Why did so many Americans vote for Trump?
President Trump’s disastrous mishandling of the coronavirus pandemic probably cost him re-election. Yet it seems mind-boggling that he still won more votes than any incumbent president in American history despite his dereliction of responsibility at a time of a once-in-a-century health crisis and economic devastation.
Democrats, struggling to make sense of it all, are locked in yet another round of mutual recrimination: They were either too progressive for swing voters — too socialist or aggressive with ambitious policies like the Green New Deal — or not progressive enough to inspire potential Democratic voters to show up or cross over.
Make no mistake, it was unforgivably cruel of Republicans to force blue-collar and service workers to risk death for grocery money. Yet their disinformation campaign persuaded many millions of Americans that the risk was minimal and that Democrats were keeping their workplaces and schools closed, their customers and kids at home, and their wallets empty and cupboards bare for bogus reasons.
The president’s mendacious push to hastily reopen everything was less compelling to college-educated suburbanites, who tend to trust experts and can work from home, watch their kids and spare a laptop for online kindergarten. Mr. Trump lost the election mainly because he lost enough of these voters, including some moderate Republicans who otherwise voted straight Republican tickets.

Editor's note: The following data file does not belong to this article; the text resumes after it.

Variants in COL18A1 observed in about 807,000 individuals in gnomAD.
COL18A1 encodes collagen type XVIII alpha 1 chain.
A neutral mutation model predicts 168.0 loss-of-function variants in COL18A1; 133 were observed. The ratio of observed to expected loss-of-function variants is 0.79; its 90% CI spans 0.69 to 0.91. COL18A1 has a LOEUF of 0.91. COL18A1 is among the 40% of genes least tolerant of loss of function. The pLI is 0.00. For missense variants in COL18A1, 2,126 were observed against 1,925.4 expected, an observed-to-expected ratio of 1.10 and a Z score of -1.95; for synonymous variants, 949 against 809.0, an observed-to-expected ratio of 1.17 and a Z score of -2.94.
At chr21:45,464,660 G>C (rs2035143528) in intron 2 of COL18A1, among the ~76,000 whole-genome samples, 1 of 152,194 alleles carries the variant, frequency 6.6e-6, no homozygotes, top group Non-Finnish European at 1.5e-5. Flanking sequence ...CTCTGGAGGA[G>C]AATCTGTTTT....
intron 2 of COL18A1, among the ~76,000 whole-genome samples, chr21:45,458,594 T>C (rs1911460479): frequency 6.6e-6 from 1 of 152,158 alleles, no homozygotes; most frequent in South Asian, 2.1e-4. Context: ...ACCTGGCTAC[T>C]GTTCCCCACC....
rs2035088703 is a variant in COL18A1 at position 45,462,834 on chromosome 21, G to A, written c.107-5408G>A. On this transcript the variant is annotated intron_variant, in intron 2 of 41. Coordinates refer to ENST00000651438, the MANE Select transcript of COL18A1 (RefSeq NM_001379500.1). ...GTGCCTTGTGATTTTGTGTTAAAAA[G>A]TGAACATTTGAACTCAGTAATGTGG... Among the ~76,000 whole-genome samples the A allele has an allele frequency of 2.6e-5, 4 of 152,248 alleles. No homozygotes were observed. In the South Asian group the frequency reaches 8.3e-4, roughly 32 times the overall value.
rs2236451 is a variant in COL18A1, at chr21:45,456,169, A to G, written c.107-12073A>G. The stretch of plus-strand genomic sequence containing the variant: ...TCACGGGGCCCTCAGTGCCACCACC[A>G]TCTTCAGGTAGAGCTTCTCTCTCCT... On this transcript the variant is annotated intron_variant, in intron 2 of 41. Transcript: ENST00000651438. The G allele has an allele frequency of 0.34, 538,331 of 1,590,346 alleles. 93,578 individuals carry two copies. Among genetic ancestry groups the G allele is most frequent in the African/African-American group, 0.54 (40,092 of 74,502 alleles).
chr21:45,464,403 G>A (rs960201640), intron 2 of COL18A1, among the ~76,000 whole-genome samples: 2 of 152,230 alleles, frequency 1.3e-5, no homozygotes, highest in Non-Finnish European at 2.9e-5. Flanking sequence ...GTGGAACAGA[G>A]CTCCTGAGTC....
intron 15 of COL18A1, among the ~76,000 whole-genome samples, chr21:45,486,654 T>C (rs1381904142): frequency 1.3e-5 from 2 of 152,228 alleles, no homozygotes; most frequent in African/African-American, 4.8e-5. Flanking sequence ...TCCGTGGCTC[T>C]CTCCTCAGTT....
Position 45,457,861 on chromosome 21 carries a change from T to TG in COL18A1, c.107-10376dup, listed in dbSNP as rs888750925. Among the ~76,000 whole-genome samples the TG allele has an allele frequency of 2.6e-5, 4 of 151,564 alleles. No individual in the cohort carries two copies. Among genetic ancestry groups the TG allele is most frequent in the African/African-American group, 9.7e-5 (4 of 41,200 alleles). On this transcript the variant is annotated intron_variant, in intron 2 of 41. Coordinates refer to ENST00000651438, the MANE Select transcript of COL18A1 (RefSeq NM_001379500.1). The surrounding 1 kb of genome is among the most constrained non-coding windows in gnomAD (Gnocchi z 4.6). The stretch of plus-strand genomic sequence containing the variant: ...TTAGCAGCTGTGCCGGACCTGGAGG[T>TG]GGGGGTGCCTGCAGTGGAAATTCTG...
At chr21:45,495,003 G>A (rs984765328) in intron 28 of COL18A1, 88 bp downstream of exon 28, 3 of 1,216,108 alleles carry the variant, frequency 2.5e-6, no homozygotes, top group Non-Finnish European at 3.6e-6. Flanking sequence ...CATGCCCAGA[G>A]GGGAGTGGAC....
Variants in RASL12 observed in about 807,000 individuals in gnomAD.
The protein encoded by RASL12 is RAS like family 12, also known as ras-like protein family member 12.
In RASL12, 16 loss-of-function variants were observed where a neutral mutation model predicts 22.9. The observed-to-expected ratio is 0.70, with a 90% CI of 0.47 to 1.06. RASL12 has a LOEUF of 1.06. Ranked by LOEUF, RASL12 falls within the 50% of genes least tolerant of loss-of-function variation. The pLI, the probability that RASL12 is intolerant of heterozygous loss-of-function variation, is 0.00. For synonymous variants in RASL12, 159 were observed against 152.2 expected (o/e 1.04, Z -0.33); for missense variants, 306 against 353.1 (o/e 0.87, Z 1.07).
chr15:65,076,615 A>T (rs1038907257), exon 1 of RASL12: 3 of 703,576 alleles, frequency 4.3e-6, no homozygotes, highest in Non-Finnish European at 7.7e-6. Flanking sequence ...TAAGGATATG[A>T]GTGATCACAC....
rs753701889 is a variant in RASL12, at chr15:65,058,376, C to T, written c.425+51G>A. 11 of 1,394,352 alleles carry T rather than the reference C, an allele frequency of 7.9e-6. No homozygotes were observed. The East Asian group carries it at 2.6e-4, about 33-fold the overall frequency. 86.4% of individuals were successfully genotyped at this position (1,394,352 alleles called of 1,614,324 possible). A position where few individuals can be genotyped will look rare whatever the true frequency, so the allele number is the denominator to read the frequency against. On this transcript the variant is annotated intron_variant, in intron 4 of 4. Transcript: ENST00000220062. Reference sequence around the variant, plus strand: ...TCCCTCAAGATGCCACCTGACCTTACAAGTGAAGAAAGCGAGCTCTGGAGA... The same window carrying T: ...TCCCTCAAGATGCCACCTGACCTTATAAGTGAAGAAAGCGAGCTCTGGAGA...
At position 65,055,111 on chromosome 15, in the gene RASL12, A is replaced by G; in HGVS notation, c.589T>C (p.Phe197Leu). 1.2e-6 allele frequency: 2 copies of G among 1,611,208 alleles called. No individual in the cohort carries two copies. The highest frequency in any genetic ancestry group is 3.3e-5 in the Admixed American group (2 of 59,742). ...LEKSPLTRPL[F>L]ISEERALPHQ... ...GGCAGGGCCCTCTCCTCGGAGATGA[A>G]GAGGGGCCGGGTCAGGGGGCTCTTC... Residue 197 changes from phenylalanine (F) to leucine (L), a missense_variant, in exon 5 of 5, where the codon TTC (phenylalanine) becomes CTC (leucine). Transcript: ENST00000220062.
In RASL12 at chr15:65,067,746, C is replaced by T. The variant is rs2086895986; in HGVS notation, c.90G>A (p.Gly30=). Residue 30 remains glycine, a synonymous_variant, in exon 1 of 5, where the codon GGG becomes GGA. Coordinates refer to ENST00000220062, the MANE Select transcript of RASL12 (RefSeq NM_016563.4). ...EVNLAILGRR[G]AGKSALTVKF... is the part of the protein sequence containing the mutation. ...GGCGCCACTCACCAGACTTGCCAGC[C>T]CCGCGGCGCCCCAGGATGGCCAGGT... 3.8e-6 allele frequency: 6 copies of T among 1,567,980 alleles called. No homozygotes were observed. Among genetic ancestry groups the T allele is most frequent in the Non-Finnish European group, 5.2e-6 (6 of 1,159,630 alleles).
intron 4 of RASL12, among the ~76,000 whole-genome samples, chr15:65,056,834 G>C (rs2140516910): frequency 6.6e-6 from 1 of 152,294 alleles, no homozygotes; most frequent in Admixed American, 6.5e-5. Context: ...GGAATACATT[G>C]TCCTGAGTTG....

Democrats need to rethink the idea that these voters would have put Democratic House and Senate candidates over the top if only Alexandria Ocasio-Cortez were less radiantly socialist. They need to accept that they took hits on the economy by failing to escape the trap Republicans set by doggedly refusing to do anything about the uncontained contagion destroying it.
And they need to understand how Mr. Trump saved his party by weaponising polarisation. Conservatives needed a way not to get spun by the president’s destabilising act of disloyalty, so they steadied themselves by reaffirming their loyalty down the remainder of the ballot. They were voting against a personal crisis of identity, not the Green New Deal.
Democrats might have done better had sunny polls and their own biased partisan perceptions not misled them into believing that backlash to indisputably damning Republican failure would deliver an easy Senate majority — but not much better. Until the mind-bending spell of polarisation breaks, everything that matters will be fiercely disputed and even the most egregious failures will continue to go unpunished.